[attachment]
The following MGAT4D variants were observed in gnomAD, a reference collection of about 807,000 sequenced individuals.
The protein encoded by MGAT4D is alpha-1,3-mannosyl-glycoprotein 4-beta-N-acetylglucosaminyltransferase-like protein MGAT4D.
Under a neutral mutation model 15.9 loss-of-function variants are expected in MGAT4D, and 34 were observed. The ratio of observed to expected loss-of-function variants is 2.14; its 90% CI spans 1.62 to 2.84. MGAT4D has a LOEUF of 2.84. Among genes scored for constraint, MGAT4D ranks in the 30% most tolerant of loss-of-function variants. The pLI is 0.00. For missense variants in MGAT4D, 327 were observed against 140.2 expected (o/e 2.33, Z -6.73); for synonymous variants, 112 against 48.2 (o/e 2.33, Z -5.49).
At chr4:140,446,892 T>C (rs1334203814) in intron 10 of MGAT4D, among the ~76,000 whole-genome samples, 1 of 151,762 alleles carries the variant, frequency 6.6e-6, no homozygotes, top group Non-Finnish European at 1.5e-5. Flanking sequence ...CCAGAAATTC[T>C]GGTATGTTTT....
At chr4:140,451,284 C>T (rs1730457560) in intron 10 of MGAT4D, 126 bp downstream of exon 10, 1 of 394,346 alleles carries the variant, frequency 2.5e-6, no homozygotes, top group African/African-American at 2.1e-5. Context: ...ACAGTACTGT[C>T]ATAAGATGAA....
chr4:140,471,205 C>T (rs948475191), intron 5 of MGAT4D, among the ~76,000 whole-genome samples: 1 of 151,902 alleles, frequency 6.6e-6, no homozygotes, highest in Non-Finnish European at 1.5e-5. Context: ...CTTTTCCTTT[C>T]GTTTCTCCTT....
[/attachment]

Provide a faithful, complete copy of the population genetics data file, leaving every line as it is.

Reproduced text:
The following MGAT4D variants were observed in gnomAD, a reference collection of about 807,000 sequenced individuals.
The protein encoded by MGAT4D is alpha-1,3-mannosyl-glycoprotein 4-beta-N-acetylglucosaminyltransferase-like protein MGAT4D.
Under a neutral mutation model 15.9 loss-of-function variants are expected in MGAT4D, and 34 were observed. The ratio of observed to expected loss-of-function variants is 2.14; its 90% CI spans 1.62 to 2.84. MGAT4D has a LOEUF of 2.84. Among genes scored for constraint, MGAT4D ranks in the 30% most tolerant of loss-of-function variants. The pLI is 0.00. For missense variants in MGAT4D, 327 were observed against 140.2 expected (o/e 2.33, Z -6.73); for synonymous variants, 112 against 48.2 (o/e 2.33, Z -5.49).
At chr4:140,446,892 T>C (rs1334203814) in intron 10 of MGAT4D, among the ~76,000 whole-genome samples, 1 of 151,762 alleles carries the variant, frequency 6.6e-6, no homozygotes, top group Non-Finnish European at 1.5e-5. Flanking sequence ...CCAGAAATTC[T>C]GGTATGTTTT....
At chr4:140,451,284 C>T (rs1730457560) in intron 10 of MGAT4D, 126 bp downstream of exon 10, 1 of 394,346 alleles carries the variant, frequency 2.5e-6, no homozygotes, top group African/African-American at 2.1e-5. Context: ...ACAGTACTGT[C>T]ATAAGATGAA....
chr4:140,471,205 C>T (rs948475191), intron 5 of MGAT4D, among the ~76,000 whole-genome samples: 1 of 151,902 alleles, frequency 6.6e-6, no homozygotes, highest in Non-Finnish European at 1.5e-5. Context: ...CTTTTCCTTT[C>T]GTTTCTCCTT....